501F Vendor Spotlight: Maintaining reliability in 501F generators – Combined Cycle Journal

501F Vendor Spotlight: Maintaining reliability in 501F generators

National Electric Coil

W Howard Moudy, director of operations for NEC, rarely misses a user-group meeting or an opportunity to speak about the practical aspects of electric generator operation, inspection, maintenance, and problem-solving. At the 2018 meeting of the 501F Users Group, he presented on the top issues affecting generator reliability in this fleet, including: stator spark erosion (SE), stator partial discharge (PD), stator endwinding looseness and resonance, and rotor pole-to-pole failures.

SE occurs when there is intermittent loss of contact between one or more stator bars and core iron. Because bar vibration is at fault, this deterioration mechanism sometimes is called vibration sparking. Moudy said SE is unique to manufacturers that do not use side ripple springs to maintain side pressure on the coil. He added that even if flat side filler is installed properly, insulation shrinkage over time creates additional gaps allowing SE to occur.

A borescope inspection is, perhaps, the best way to see first-hand if there’s any damage and to trend damage over time. Inspection frequency, Moudy said, depends on how the machine is operated and its condition. Access to the back of the core for borescoping is through panels (photo 1); core vents are accessible from the back of the core (2). Level 3 SE deterioration—slag/rough surface appearance over the vent duct opening is shown in (3).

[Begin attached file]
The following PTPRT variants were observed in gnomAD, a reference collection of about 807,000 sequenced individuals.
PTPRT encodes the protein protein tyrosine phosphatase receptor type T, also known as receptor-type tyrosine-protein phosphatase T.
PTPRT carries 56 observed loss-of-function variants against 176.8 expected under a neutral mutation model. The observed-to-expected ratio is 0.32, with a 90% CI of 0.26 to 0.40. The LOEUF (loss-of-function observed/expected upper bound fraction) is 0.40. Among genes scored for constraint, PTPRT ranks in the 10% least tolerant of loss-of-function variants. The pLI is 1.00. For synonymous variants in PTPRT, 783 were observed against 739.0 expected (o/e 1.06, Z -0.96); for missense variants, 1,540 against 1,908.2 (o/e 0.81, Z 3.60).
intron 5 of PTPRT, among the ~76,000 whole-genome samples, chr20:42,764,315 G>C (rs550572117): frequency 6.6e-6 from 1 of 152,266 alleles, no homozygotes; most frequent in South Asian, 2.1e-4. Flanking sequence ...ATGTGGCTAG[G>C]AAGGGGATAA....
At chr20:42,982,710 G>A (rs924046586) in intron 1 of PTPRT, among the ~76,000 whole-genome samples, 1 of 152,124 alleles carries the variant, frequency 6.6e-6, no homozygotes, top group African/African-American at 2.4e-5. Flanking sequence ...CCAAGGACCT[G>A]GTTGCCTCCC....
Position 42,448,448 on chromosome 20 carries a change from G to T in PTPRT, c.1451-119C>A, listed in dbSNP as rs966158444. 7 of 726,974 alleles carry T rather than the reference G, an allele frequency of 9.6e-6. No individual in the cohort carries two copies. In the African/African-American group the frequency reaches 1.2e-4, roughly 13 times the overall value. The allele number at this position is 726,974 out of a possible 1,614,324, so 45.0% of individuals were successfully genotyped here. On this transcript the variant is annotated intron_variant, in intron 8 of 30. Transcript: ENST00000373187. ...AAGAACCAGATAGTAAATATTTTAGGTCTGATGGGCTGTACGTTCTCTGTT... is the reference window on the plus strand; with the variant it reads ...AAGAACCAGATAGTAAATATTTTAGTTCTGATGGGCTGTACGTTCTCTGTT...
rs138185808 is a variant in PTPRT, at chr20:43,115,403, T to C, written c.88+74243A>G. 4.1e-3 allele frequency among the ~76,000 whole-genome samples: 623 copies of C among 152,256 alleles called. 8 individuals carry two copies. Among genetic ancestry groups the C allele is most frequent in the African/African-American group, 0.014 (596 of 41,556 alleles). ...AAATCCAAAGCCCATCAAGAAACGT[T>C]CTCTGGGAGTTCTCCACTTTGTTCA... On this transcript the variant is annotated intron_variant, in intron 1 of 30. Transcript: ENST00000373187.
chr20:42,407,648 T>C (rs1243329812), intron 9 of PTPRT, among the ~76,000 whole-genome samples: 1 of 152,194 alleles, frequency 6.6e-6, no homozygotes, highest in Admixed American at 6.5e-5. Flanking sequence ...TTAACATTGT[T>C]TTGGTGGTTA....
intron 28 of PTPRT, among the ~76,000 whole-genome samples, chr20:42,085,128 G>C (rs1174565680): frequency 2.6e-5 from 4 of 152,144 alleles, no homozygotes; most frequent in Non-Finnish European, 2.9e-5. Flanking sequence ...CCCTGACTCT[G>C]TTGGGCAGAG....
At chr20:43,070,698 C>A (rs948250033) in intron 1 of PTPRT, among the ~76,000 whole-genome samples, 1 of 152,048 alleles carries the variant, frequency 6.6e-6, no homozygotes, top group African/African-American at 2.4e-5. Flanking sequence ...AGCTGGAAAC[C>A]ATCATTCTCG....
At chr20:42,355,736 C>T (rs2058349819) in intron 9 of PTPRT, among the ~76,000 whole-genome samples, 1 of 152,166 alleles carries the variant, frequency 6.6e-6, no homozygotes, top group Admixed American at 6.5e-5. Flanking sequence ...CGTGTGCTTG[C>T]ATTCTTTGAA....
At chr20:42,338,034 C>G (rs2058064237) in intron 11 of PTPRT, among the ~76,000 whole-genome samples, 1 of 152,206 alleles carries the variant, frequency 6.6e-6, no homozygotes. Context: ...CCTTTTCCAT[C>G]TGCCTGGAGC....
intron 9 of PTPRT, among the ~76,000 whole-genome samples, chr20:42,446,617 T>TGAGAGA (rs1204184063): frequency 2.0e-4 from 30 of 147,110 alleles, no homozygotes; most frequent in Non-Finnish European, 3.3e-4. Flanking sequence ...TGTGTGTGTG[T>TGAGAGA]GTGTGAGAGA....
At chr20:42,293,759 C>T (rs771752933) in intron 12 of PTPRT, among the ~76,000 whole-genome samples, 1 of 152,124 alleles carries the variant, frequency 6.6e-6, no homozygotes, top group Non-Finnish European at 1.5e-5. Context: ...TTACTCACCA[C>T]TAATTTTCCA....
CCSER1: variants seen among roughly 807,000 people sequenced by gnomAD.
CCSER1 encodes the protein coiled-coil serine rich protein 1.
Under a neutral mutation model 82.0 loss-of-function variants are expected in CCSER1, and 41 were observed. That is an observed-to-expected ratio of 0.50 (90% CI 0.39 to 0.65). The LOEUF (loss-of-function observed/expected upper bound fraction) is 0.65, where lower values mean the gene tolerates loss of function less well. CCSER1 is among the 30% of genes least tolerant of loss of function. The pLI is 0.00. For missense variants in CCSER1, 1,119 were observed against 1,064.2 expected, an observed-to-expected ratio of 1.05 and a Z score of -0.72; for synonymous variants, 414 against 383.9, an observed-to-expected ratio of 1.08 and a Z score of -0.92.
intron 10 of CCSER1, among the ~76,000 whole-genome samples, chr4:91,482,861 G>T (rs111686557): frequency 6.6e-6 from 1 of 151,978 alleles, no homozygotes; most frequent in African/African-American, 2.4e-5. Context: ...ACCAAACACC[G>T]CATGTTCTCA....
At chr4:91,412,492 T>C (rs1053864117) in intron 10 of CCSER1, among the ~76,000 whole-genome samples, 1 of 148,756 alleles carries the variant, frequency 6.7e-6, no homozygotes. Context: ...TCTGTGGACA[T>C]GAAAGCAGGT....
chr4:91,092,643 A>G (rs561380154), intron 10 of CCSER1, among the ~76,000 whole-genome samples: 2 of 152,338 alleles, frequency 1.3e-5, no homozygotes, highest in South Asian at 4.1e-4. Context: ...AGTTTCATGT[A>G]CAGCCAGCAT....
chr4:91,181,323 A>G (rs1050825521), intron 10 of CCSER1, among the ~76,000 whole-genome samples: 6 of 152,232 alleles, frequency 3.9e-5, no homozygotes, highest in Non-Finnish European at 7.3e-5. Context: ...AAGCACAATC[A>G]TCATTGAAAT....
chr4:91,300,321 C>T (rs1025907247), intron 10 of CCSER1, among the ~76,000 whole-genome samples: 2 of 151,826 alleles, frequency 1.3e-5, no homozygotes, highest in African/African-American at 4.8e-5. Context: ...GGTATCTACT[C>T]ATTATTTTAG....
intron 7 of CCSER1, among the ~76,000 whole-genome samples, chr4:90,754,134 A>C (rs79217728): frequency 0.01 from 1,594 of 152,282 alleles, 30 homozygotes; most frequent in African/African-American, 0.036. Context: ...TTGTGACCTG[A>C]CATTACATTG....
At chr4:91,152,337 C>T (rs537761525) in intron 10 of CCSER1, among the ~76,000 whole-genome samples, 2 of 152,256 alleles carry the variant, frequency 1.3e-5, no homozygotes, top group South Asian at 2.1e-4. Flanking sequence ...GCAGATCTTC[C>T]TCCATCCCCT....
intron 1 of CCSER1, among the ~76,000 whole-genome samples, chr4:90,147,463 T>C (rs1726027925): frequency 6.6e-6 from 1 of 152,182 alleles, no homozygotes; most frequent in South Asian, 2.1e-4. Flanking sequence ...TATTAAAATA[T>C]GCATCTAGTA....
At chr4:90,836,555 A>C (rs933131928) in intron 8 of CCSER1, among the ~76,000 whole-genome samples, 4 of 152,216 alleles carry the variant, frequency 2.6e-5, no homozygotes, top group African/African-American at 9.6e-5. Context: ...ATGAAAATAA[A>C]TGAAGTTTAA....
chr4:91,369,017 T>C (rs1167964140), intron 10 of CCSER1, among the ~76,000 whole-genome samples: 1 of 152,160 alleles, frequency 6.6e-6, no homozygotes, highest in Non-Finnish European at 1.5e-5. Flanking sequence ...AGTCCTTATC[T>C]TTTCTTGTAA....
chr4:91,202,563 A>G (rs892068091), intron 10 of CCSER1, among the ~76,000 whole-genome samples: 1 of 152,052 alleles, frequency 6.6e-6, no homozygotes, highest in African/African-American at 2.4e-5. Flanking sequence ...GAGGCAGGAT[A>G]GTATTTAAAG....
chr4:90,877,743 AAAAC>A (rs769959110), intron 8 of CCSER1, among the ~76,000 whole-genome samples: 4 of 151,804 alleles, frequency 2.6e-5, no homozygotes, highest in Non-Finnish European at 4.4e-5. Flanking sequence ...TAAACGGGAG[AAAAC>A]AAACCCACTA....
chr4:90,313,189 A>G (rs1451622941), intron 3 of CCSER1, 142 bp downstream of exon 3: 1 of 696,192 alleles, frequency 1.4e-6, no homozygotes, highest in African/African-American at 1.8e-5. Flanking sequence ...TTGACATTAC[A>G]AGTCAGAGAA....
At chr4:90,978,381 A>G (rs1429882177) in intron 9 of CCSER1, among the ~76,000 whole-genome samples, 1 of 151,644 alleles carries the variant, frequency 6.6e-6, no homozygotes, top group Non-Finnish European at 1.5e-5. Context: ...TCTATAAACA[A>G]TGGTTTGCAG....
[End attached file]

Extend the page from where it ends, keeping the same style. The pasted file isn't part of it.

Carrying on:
Possible corrective actions: flat filler replacement with ripple springs, epoxy injection, or stator rewind with the latest preventive measures.

Partial discharge exists on virtually stator windings and is a good telltale for several common deterioration modes—including SE. With good PD sensors and monitors useful data can be captured. However, interpreting the significance of those data can be challenging. The method selected for PD repairs, Moudy said, depends on the location and extent of damage. Repairs are likely an ongoing effort. A rewind with a coil of better design and a superior insulation system should be considered.

Endwinding looseness, which can be identified by dusting, greasing, and broken ties, is a common aliment in the 501F fleet. Damage inflicted by endwinding vibration can be severe. Replace or repair loose or compromised components promptly.

Moudy noted that resonant conditions have been found in many of the endwinding components of generators coupled to 501F engines. Windings should be tuned to maintain their natural frequency below 110 Hz or above 135 Hz by changing mass or stiffness by use of additional ties or spacers, extra blocking, etc. Use a bump test to verify results.

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